Mary McBride was born in Louisiana and raised in Washington D.C., but spent 15 years living in New York City before launching her roots-rocking debut, Everything Seemed All Right. Anyone with a vague knowledge of venues such as Rodeo Bar or the Lakeside Lounge knows that NYC has long had a deceptively strong Americana thing going on, from roots rock to alt-country. Circa 2002, Mary McBride represents the cream of that crop, making her mark with a fiery blend of blues, rock 'n' roll, and country on her debut album. McBride may adopt a love-is-lost stance on many of the tracks, but in her corner of the Americana map she reacts with righteous indignation, often coming off like a less bombastic Melissa Etheridge. The heartbroken title track trades in tears for a bellyfull of anger ("Everything seemed alright/ Then the goddamned bottom fell out"), while the fierce, sprightly "That Was Then, This Is Now" makes no bones about calling a suddenly less-than-adequate love affair to the mat. A lot of comparisons to Lucinda Williams will surely dog McBride, but in truth she's more in the vein of the '70s output of Bonnie Raitt or Linda Ronstadt (the more rocking side of the latter). And she skirts Williams' existential and emotional complexities for straightahead roots rock bolstered by a voice like sweet iron. McBride enlists a strong clutch of Americana vets to help her out on this album, including production by Lou Whitney (The Skeletons), and she co-writes with Dan Baird (Georgia Satellites), Steve Wynn, Mojo Nixon, and Eric Ambel (The Del Lords).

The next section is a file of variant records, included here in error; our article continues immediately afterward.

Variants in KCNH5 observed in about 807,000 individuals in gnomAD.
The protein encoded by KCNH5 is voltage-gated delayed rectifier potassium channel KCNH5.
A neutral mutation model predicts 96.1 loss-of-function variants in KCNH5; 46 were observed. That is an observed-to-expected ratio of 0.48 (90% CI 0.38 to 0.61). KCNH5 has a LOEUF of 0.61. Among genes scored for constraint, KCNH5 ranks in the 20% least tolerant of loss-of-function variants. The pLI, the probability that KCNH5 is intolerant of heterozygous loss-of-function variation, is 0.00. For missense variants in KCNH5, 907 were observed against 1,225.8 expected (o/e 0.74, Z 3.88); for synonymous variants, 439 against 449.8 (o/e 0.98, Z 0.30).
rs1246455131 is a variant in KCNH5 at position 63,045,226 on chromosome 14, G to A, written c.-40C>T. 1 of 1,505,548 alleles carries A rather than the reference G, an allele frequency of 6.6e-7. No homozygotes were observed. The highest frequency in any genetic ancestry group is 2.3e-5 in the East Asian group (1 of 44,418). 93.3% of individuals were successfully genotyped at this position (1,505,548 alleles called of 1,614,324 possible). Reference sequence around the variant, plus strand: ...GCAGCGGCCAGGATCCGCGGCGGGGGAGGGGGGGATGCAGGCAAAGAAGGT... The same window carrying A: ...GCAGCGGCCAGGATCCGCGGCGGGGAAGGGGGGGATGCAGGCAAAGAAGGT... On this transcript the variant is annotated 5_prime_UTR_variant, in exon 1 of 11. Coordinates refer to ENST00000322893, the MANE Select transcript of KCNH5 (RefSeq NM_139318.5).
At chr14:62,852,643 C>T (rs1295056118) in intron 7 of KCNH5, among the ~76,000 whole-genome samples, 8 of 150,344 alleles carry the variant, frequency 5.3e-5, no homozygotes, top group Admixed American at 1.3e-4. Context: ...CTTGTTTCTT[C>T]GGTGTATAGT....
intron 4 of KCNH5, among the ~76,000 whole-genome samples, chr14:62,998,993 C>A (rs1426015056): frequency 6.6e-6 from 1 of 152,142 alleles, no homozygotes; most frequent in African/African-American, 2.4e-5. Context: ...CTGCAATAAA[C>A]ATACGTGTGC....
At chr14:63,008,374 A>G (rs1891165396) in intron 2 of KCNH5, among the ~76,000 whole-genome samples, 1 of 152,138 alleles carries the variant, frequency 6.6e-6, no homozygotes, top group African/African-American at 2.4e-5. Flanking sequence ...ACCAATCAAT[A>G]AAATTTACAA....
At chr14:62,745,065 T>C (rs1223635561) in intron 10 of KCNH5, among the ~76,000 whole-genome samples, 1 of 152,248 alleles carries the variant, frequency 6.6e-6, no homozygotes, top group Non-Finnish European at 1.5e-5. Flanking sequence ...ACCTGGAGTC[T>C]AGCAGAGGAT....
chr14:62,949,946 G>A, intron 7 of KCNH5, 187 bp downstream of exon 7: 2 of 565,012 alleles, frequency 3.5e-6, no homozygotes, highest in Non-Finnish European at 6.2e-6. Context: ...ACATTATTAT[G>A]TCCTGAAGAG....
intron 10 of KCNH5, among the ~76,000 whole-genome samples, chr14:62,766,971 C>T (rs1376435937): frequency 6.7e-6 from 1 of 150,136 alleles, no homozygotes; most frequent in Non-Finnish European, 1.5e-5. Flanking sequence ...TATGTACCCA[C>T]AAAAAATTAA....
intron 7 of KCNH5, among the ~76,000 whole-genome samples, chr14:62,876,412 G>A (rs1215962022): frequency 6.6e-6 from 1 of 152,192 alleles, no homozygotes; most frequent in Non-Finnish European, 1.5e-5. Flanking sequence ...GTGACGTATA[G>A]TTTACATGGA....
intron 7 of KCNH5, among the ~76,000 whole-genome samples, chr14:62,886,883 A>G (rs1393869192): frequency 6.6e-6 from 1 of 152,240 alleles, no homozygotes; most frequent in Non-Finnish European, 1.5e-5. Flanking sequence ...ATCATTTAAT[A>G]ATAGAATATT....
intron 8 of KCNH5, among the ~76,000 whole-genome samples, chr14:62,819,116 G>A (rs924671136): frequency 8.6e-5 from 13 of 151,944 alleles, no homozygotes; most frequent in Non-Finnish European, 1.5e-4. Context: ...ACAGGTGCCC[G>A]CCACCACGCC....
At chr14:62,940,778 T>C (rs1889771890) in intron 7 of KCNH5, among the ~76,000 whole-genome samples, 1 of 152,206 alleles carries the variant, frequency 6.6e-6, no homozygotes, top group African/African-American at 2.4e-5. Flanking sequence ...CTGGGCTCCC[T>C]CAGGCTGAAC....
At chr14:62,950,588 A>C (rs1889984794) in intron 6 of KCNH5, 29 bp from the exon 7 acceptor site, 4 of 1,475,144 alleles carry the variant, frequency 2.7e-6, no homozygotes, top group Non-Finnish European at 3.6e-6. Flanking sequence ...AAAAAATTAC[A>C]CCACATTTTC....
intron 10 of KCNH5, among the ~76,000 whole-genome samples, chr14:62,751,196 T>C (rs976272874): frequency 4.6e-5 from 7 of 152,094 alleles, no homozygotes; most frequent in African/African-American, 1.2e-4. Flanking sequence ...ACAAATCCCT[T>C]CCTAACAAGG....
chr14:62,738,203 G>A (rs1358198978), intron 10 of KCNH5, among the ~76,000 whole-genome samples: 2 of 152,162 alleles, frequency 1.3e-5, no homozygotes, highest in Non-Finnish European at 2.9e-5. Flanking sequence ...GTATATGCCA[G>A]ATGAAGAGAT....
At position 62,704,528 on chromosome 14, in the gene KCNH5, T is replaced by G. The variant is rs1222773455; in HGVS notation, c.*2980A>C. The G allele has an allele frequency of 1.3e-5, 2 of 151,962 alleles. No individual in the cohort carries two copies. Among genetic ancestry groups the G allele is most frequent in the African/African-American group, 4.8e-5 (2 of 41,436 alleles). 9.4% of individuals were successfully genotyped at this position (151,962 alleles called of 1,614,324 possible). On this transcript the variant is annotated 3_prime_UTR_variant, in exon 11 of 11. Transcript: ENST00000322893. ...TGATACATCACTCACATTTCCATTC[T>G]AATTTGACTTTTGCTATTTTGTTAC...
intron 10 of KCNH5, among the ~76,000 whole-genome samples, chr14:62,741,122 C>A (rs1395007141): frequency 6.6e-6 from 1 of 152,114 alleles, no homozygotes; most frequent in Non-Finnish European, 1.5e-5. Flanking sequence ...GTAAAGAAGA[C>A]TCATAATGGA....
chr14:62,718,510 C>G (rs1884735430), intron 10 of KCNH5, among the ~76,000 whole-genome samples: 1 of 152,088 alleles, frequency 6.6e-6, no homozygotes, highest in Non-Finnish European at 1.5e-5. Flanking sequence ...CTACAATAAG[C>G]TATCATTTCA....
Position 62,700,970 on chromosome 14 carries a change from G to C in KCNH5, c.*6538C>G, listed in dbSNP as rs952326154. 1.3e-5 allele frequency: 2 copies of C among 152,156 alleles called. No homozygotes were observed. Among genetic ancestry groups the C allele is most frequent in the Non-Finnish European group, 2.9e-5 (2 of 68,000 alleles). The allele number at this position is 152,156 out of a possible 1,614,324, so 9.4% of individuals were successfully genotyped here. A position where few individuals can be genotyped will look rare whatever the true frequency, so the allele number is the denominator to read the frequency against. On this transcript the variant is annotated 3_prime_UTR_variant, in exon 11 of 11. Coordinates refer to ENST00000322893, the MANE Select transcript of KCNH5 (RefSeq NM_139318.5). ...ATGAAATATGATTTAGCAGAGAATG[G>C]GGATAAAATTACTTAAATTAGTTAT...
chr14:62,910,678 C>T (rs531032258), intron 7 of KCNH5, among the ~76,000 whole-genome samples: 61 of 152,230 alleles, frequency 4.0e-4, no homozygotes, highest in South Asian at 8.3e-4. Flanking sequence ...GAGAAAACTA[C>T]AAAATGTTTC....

AllMusic Review by Erik Hage